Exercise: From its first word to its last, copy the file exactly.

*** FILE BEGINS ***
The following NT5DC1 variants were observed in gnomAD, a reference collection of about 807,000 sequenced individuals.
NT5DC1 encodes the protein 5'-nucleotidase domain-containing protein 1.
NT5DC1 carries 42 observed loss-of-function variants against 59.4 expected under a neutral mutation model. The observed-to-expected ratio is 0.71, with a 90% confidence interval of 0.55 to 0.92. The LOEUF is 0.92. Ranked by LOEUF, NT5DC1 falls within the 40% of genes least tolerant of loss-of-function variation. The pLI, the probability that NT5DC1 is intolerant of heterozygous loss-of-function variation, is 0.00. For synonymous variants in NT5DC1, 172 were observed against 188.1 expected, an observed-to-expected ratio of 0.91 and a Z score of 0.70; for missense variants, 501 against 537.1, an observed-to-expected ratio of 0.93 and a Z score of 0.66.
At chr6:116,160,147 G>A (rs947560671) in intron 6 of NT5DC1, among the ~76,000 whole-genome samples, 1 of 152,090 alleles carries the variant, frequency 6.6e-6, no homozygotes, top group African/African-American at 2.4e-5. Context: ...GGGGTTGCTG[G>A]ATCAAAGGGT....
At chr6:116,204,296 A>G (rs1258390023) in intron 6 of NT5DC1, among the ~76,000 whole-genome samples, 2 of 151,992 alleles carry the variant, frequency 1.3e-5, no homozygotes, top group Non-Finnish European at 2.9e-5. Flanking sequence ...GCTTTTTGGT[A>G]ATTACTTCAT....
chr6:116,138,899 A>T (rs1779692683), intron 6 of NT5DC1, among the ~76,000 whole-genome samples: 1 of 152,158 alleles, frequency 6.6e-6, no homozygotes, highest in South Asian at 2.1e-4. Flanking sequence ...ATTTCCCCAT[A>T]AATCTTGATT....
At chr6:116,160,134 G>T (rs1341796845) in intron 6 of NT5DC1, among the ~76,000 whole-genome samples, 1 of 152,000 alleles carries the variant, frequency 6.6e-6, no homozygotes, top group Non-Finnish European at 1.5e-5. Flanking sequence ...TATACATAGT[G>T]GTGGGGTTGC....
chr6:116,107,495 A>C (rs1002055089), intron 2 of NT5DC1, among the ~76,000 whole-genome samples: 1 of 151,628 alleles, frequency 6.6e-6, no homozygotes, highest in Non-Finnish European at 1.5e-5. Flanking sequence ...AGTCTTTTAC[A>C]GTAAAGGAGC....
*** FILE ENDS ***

The following NT5DC1 variants were observed in gnomAD, a reference collection of about 807,000 sequenced individuals.
NT5DC1 encodes the protein 5'-nucleotidase domain-containing protein 1.
NT5DC1 carries 42 observed loss-of-function variants against 59.4 expected under a neutral mutation model. The observed-to-expected ratio is 0.71, with a 90% confidence interval of 0.55 to 0.92. The LOEUF is 0.92. Ranked by LOEUF, NT5DC1 falls within the 40% of genes least tolerant of loss-of-function variation. The pLI, the probability that NT5DC1 is intolerant of heterozygous loss-of-function variation, is 0.00. For synonymous variants in NT5DC1, 172 were observed against 188.1 expected, an observed-to-expected ratio of 0.91 and a Z score of 0.70; for missense variants, 501 against 537.1, an observed-to-expected ratio of 0.93 and a Z score of 0.66.
At chr6:116,160,147 G>A (rs947560671) in intron 6 of NT5DC1, among the ~76,000 whole-genome samples, 1 of 152,090 alleles carries the variant, frequency 6.6e-6, no homozygotes, top group African/African-American at 2.4e-5. Context: ...GGGGTTGCTG[G>A]ATCAAAGGGT....
At chr6:116,204,296 A>G (rs1258390023) in intron 6 of NT5DC1, among the ~76,000 whole-genome samples, 2 of 151,992 alleles carry the variant, frequency 1.3e-5, no homozygotes, top group Non-Finnish European at 2.9e-5. Flanking sequence ...GCTTTTTGGT[A>G]ATTACTTCAT....
chr6:116,138,899 A>T (rs1779692683), intron 6 of NT5DC1, among the ~76,000 whole-genome samples: 1 of 152,158 alleles, frequency 6.6e-6, no homozygotes, highest in South Asian at 2.1e-4. Flanking sequence ...ATTTCCCCAT[A>T]AATCTTGATT....
At chr6:116,160,134 G>T (rs1341796845) in intron 6 of NT5DC1, among the ~76,000 whole-genome samples, 1 of 152,000 alleles carries the variant, frequency 6.6e-6, no homozygotes, top group Non-Finnish European at 1.5e-5. Flanking sequence ...TATACATAGT[G>T]GTGGGGTTGC....
chr6:116,107,495 A>C (rs1002055089), intron 2 of NT5DC1, among the ~76,000 whole-genome samples: 1 of 151,628 alleles, frequency 6.6e-6, no homozygotes, highest in Non-Finnish European at 1.5e-5. Flanking sequence ...AGTCTTTTAC[A>C]GTAAAGGAGC....